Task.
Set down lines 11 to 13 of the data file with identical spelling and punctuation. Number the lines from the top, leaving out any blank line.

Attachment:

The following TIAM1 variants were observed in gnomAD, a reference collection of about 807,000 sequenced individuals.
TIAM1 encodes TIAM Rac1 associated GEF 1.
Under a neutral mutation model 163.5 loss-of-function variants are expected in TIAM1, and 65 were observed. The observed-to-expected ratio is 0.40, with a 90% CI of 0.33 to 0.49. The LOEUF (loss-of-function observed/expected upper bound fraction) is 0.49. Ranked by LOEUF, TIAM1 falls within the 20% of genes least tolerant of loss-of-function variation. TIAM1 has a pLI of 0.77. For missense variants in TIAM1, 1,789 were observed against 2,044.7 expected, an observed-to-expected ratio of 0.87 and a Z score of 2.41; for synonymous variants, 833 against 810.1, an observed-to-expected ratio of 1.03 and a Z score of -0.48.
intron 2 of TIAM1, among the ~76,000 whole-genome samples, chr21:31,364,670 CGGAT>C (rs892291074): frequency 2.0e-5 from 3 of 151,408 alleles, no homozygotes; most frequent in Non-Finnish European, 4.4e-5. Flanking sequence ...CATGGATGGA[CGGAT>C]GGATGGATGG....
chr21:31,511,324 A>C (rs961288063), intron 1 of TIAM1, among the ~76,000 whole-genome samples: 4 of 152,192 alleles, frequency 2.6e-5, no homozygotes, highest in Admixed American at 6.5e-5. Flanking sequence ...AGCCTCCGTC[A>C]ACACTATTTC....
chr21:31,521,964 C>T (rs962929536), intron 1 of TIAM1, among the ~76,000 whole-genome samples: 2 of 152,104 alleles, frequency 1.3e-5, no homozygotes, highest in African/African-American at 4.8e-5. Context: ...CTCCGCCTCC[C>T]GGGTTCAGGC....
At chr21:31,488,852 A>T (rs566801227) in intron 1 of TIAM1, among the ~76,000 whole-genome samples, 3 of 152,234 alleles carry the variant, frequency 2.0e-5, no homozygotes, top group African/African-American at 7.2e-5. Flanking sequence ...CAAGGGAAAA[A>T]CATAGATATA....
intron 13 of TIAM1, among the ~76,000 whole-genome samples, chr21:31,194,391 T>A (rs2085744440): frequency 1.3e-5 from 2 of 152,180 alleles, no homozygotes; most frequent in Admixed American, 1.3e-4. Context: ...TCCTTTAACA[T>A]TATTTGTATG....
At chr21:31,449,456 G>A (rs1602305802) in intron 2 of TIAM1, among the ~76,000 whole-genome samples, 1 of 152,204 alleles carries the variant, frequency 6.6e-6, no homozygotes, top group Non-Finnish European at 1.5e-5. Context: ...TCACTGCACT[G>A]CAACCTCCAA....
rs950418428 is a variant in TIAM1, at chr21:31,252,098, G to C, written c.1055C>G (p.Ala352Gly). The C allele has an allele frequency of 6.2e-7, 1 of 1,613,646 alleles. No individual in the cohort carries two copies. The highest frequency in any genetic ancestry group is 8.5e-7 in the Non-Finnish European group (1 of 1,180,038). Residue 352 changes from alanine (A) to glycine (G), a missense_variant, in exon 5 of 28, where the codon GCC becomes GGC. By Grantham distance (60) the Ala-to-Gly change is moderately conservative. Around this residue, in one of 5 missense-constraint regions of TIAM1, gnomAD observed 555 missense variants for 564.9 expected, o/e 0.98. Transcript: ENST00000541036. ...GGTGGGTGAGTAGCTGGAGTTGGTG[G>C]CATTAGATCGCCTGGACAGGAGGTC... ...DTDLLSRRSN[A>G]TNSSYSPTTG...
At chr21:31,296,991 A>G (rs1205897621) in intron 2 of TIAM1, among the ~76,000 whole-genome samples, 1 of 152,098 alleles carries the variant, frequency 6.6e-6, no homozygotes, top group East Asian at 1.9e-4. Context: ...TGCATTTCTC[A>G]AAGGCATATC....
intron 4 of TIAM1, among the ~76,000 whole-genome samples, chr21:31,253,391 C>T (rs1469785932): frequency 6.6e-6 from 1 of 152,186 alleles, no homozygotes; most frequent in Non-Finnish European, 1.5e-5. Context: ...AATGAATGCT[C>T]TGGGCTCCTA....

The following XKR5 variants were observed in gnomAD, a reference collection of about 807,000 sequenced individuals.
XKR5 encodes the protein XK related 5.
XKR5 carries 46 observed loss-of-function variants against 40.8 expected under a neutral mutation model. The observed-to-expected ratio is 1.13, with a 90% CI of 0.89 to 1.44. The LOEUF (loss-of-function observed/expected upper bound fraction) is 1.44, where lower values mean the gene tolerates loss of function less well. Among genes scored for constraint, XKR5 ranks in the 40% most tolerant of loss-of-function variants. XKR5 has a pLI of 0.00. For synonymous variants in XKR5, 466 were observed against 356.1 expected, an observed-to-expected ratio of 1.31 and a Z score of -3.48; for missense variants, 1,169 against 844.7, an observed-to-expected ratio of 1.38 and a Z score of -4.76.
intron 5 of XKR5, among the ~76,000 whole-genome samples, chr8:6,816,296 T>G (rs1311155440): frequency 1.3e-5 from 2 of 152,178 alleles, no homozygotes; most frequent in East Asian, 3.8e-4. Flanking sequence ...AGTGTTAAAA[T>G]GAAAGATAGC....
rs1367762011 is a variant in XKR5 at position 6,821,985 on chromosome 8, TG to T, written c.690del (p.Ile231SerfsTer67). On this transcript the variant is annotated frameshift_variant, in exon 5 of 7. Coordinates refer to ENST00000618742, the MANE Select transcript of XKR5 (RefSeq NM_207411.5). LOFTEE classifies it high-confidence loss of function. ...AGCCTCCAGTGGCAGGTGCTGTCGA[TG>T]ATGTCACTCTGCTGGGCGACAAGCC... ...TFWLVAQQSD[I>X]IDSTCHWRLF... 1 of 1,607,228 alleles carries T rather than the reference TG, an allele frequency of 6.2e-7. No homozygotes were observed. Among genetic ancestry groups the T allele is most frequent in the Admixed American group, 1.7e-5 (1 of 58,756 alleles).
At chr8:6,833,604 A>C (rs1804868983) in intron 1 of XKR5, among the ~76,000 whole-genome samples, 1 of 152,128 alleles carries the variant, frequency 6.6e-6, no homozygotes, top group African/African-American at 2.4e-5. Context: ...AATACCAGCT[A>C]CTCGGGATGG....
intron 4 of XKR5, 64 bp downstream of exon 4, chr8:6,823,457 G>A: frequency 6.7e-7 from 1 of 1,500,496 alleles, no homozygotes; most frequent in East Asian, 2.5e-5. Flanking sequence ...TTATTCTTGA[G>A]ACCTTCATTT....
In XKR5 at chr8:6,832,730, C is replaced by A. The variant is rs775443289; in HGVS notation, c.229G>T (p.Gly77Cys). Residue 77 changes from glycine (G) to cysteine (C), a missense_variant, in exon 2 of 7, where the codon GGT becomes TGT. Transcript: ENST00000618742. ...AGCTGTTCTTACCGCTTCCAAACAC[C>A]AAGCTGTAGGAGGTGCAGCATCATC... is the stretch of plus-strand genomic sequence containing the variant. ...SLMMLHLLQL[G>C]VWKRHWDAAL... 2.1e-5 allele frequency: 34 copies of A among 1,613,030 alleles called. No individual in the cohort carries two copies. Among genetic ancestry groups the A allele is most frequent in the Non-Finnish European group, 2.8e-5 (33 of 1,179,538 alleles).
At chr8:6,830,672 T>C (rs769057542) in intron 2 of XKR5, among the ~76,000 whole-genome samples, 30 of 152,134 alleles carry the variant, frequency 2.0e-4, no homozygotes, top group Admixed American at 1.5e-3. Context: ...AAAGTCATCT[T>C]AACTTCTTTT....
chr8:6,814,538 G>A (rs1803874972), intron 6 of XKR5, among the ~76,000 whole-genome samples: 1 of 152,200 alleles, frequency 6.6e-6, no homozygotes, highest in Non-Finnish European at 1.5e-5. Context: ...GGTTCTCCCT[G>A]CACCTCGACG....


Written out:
At chr21:31,296,991 A>G (rs1205897621) in intron 2 of TIAM1, among the ~76,000 whole-genome samples, 1 of 152,098 alleles carries the variant, frequency 6.6e-6, no homozygotes, top group East Asian at 1.9e-4. Context: ...TGCATTTCTC[A>G]AAGGCATATC....
intron 4 of TIAM1, among the ~76,000 whole-genome samples, chr21:31,253,391 C>T (rs1469785932): frequency 6.6e-6 from 1 of 152,186 alleles, no homozygotes; most frequent in Non-Finnish European, 1.5e-5. Context: ...AATGAATGCT[C>T]TGGGCTCCTA....

The following XKR5 variants were observed in gnomAD, a reference collection of about 807,000 sequenced individuals.